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The Hollywood Writer’s Strike May Have Ended But the Battle Over AI is Far From Over

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Headlines This Week

  • OpenAI rolled out a number of big updates to ChatGPT this week. Those updates include “eyes, ears, and a voice” (i.e., the chatbot now boasts image recognition, speech-to-text and text-to-speech synthesization capabilities, and Siri-like vocals—so you’re basically talking to the HAL 9000), as well as a new integration that allows users to browse the open internet.
  • At its annual Connect event this week, Meta unleashed a slew of new AI-related features. Say hello to AI-generated stickers. Huzzah.
  • Should you use ChatGPT as a therapist? Probably not. For more information on that, check out this week’s interview.
  • Last but not least: novelists are still suing the shit out of AI companies for stealing all of their copyrighted works and turning them into chatbot food.

The Top Story: Chalk One Up for the Good Guys

Image: Elliott Cowand Jr (Shutterstock)

One of the lingering questions that haunted the Hollywood writers’ strike was what sort of protections would (or would not) materialize to protect writers from the threat of AI. Early on, movie and streaming studios made it known that they were excited by the idea that an algorithm could now “write” a screenplay. Why wouldn’t they be? You don’t have to pay a software program. Thus, execs initially refused to make concessions that would’ve clearly defined the screenwriter as a distinctly human role.

Well, now the strike is over. Thankfully, somehow, writers won big protections against the kind of automated displacement they feared. But if it feels like a moment of victory, it could just be the beginning of an ongoing battle between the entertainment industry’s C-suite and its human laborers.

The new WGA contract that emerged from the writer’s strike includes broad protections for the entertainment industry’s laborers. In addition to positive concessions involving residuals and other economic concerns, the contract also definitively outlines protections against displacement via AI. According to the contract, studios won’t be allowed to use AI to write or re-write literary material, and AI generated material will not be considered source material for stories and screenplays, which means that humans will retain sole credit for developing creative works. At the same time, while a writer might choose to use AI while writing, a company cannot force them to use it; finally, companies will have to disclose to writers if any material given to them was generated via AI.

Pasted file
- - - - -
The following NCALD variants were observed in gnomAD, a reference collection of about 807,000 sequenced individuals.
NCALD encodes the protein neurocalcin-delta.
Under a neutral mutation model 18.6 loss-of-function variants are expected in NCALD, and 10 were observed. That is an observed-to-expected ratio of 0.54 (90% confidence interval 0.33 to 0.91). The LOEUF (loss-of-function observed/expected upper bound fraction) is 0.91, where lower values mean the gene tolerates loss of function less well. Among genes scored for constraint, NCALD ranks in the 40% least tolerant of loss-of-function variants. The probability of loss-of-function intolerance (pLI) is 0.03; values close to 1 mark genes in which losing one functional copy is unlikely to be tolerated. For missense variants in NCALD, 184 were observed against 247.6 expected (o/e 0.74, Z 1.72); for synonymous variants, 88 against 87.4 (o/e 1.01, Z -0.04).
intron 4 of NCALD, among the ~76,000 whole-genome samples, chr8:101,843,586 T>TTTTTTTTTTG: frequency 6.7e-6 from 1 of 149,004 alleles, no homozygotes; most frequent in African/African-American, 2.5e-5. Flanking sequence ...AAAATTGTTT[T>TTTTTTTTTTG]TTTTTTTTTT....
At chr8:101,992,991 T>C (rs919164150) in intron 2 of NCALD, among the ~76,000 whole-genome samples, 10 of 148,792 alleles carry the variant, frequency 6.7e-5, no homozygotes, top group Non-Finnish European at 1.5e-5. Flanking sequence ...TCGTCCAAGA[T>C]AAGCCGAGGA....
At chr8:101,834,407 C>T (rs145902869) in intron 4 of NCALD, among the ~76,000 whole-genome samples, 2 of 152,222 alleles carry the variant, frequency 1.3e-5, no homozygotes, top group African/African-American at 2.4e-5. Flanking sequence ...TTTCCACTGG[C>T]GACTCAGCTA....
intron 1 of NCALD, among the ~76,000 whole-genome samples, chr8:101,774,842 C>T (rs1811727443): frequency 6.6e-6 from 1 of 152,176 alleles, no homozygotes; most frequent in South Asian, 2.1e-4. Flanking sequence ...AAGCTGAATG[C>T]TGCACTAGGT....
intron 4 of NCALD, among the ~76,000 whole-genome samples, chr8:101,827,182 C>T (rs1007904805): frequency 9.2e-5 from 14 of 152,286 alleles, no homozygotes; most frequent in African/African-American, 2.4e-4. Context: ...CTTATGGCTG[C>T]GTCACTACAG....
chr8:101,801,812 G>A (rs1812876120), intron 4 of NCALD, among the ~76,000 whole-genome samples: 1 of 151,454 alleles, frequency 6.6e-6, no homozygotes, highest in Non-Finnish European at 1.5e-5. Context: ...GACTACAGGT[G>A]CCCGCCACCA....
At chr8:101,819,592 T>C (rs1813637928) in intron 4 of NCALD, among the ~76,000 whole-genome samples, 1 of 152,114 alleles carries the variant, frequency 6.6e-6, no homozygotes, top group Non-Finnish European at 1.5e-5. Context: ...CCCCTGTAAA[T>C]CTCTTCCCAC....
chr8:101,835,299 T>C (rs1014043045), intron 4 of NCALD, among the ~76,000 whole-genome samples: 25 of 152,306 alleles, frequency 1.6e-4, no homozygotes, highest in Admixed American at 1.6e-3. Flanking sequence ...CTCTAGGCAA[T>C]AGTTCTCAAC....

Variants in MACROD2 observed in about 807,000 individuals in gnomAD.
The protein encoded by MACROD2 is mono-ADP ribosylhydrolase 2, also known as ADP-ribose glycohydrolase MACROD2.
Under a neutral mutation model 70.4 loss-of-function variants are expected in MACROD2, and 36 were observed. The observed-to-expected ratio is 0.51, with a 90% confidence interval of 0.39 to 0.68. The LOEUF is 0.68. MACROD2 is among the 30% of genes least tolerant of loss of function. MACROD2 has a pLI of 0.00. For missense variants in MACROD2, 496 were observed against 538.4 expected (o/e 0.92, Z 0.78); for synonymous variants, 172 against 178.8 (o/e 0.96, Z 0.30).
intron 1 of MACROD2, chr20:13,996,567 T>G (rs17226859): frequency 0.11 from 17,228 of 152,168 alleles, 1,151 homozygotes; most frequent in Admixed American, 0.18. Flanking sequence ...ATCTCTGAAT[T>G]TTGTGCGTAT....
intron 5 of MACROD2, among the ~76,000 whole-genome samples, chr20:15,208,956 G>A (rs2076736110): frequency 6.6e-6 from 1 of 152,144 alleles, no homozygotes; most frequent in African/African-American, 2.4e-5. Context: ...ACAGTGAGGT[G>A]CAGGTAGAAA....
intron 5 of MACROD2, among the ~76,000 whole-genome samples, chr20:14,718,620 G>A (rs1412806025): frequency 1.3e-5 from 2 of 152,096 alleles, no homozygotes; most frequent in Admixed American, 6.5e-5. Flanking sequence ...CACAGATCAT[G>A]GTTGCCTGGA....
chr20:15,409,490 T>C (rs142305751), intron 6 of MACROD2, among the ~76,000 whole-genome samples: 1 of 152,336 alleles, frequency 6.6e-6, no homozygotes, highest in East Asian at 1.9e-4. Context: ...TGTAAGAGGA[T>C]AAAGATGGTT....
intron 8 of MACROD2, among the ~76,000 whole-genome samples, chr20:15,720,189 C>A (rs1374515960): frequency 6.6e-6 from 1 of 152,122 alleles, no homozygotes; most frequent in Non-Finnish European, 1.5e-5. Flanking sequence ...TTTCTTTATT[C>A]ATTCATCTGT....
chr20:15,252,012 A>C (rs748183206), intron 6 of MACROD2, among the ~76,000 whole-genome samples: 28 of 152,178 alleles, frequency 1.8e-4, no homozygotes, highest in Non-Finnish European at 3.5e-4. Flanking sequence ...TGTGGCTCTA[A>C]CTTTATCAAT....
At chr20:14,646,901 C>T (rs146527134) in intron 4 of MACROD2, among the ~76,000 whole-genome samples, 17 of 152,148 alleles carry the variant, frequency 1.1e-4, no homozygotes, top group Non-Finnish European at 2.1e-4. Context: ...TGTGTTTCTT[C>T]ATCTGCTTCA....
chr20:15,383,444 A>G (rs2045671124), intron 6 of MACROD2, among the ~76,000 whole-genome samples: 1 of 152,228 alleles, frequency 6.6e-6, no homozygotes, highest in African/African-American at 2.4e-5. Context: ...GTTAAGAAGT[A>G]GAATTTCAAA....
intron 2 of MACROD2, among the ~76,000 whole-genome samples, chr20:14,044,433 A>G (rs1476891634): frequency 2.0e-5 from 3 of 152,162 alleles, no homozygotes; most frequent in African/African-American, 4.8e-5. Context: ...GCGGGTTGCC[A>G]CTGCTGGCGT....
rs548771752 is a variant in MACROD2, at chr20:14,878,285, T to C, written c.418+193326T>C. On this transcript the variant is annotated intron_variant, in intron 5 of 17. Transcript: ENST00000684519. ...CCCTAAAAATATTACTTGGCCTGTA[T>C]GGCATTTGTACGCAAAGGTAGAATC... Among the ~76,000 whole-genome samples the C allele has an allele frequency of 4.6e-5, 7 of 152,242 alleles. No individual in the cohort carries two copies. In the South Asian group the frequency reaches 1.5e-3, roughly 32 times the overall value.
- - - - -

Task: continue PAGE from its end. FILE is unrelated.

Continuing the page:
In short: it’s very good news that Hollywood writers have won some protections that clearly outline they won’t be immediately replaced by software just so that studio executives can spare themselves a minor expense. Some commentators are even saying that the writer’s strike has offered everybody a blueprint for how to save everybody’s jobs from the threat of automation. At the same time, it remains clear that the entertainment industry—and many other industries—are still heavily invested in the concept of AI, and will be for the foreseeable future. Workers are going to have to continue to fight to protect their roles in the economy, as companies increasingly look for wage-free, automated shortcuts.

The Interview: Calli Schroeder on Why You Shouldn’t Use a Chatbot for a Therapist

Image for article titled AI This Week: The Hollywood Writer's Strike May Have Ended But the Battle Over AI is Far From Over

Photo: EPIC